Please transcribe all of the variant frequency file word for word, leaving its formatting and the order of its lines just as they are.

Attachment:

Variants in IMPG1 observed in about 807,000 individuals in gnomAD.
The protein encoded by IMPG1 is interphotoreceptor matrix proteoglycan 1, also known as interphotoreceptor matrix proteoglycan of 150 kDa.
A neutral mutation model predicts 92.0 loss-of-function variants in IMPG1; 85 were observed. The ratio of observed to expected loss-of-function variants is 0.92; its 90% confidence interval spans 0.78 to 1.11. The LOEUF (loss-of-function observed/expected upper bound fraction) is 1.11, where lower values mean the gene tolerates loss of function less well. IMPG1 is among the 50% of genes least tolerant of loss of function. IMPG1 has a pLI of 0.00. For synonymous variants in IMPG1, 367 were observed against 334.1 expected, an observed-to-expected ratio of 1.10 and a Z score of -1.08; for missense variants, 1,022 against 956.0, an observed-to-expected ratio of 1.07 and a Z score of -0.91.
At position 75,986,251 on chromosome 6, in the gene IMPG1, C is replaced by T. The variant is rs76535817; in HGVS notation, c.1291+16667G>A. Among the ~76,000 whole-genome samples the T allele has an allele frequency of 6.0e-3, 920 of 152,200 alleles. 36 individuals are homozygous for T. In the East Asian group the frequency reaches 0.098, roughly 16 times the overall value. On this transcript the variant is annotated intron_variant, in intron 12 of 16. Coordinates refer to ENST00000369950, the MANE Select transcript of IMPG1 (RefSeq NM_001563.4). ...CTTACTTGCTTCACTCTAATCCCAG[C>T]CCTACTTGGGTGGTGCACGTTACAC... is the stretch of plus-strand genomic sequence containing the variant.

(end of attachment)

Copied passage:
Variants in IMPG1 observed in about 807,000 individuals in gnomAD.
The protein encoded by IMPG1 is interphotoreceptor matrix proteoglycan 1, also known as interphotoreceptor matrix proteoglycan of 150 kDa.
A neutral mutation model predicts 92.0 loss-of-function variants in IMPG1; 85 were observed. The ratio of observed to expected loss-of-function variants is 0.92; its 90% confidence interval spans 0.78 to 1.11. The LOEUF (loss-of-function observed/expected upper bound fraction) is 1.11, where lower values mean the gene tolerates loss of function less well. IMPG1 is among the 50% of genes least tolerant of loss of function. IMPG1 has a pLI of 0.00. For synonymous variants in IMPG1, 367 were observed against 334.1 expected, an observed-to-expected ratio of 1.10 and a Z score of -1.08; for missense variants, 1,022 against 956.0, an observed-to-expected ratio of 1.07 and a Z score of -0.91.
At position 75,986,251 on chromosome 6, in the gene IMPG1, C is replaced by T. The variant is rs76535817; in HGVS notation, c.1291+16667G>A. Among the ~76,000 whole-genome samples the T allele has an allele frequency of 6.0e-3, 920 of 152,200 alleles. 36 individuals are homozygous for T. In the East Asian group the frequency reaches 0.098, roughly 16 times the overall value. On this transcript the variant is annotated intron_variant, in intron 12 of 16. Coordinates refer to ENST00000369950, the MANE Select transcript of IMPG1 (RefSeq NM_001563.4). ...CTTACTTGCTTCACTCTAATCCCAG[C>T]CCTACTTGGGTGGTGCACGTTACAC... is the stretch of plus-strand genomic sequence containing the variant.